Theory of Emotion

Theory of Emotion

Experiment to test the theory of emotion

In 1962, at Columbia University, Schachter and Singer conducted an experiment to prove their theory of emotion. They were trying to understand the ways in which cognition or thoughts influence human emotion.

The researchers hypothesize that “an emotional state may be considered a function of a state of physiological arousal and of a cognition appropriate to this state of arousal”. The authors were interested in what happens if you covertly induce a physiological change in a subject, will they cognitively assign an emotional state to their bodies’ heightened arousal when they have no apparent causal reason for their bodily changes?

However, if the person does have a causal reason (i.e., they know they are receiving a drug) then they can rationalize the experience and won’t have an emotional reaction. Conversely, if one inhibits the physiological changes, could a person be in extreme danger and yet have no emotional response?

In other words, does a person react emotionally only when he experiences physiological changes?

The Experiment

In the study, a group of 184 male participants were injected with epinephrine, a hormone that induces arousal including increased heartbeat, trembling, and rapid breathing. The research participants were told that they were being injected with a new medication to test their eyesight.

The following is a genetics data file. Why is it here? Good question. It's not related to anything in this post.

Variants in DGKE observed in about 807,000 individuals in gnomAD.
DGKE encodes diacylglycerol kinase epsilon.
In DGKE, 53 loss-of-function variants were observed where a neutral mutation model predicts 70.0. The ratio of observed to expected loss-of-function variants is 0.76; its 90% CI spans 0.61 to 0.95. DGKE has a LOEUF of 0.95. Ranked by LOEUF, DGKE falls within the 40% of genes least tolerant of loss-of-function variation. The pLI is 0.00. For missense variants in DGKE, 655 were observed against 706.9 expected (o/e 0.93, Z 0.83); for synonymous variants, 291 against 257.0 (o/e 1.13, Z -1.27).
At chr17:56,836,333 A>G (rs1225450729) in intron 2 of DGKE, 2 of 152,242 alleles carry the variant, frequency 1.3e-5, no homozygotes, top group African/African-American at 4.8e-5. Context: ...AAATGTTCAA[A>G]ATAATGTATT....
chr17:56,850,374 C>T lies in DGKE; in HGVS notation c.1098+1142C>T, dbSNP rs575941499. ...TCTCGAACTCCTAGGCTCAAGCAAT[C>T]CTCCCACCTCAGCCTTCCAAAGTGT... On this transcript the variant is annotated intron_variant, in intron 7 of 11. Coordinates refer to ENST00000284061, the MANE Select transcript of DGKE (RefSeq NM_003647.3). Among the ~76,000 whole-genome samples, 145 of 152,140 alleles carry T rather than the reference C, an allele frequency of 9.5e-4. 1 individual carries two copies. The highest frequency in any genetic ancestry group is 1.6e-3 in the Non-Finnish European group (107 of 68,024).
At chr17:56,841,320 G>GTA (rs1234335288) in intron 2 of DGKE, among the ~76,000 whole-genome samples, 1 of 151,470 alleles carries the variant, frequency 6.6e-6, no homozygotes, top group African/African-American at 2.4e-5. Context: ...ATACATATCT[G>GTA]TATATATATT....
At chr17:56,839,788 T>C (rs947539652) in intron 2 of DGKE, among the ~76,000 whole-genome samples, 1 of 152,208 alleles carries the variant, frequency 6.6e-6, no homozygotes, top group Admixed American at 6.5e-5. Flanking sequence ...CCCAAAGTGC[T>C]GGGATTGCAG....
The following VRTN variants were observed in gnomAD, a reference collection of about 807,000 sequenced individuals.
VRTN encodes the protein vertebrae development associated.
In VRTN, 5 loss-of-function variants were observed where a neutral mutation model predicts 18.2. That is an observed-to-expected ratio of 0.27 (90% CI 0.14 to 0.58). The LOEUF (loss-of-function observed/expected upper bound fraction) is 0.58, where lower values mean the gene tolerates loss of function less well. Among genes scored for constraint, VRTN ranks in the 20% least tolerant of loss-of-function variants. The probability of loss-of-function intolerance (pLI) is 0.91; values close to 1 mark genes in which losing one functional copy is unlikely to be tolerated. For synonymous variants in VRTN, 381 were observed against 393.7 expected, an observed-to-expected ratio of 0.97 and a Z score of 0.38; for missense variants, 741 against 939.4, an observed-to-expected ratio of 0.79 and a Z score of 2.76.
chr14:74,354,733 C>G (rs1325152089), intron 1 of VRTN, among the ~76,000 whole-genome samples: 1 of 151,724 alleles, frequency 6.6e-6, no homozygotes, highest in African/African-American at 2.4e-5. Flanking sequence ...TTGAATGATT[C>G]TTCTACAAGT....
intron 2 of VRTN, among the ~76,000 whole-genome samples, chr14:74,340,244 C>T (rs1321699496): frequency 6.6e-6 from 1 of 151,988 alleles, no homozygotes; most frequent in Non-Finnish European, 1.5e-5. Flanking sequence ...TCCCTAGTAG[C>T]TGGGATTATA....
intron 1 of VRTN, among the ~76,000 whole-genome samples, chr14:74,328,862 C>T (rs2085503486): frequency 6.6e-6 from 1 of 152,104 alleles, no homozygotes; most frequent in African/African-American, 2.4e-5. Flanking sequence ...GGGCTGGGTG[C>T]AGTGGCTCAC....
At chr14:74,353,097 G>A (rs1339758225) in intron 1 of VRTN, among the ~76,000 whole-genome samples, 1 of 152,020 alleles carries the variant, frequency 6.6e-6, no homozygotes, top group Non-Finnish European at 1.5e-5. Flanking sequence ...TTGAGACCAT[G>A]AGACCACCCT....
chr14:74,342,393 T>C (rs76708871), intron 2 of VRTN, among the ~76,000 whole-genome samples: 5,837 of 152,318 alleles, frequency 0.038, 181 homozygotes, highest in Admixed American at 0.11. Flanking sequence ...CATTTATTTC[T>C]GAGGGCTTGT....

The first group of participants was informed the possible side effects that the injection might cause while the second group of participants were not. The participants were then placed in a room with someone they thought was another participant, but was actually a confederate in the experiment.

See also  Pavlov's Dog

The confederate acted in one of two ways: euphoric or angry. Participants who had not been informed about the effects of the injection were more likely to feel either happier or angrier than those who had been informed.

The study of Stanley Schachter and Jerome E. Singer illustrates the importance of how people interpret their physiological states, which form an important component of your emotions.

Though their cognitive theory of emotional arousal dominated the field for two decades, it has been criticized for two main reasons: the size of the effect seen in the experiment was not that significant and other researchers had difficulties repeating the experiment.

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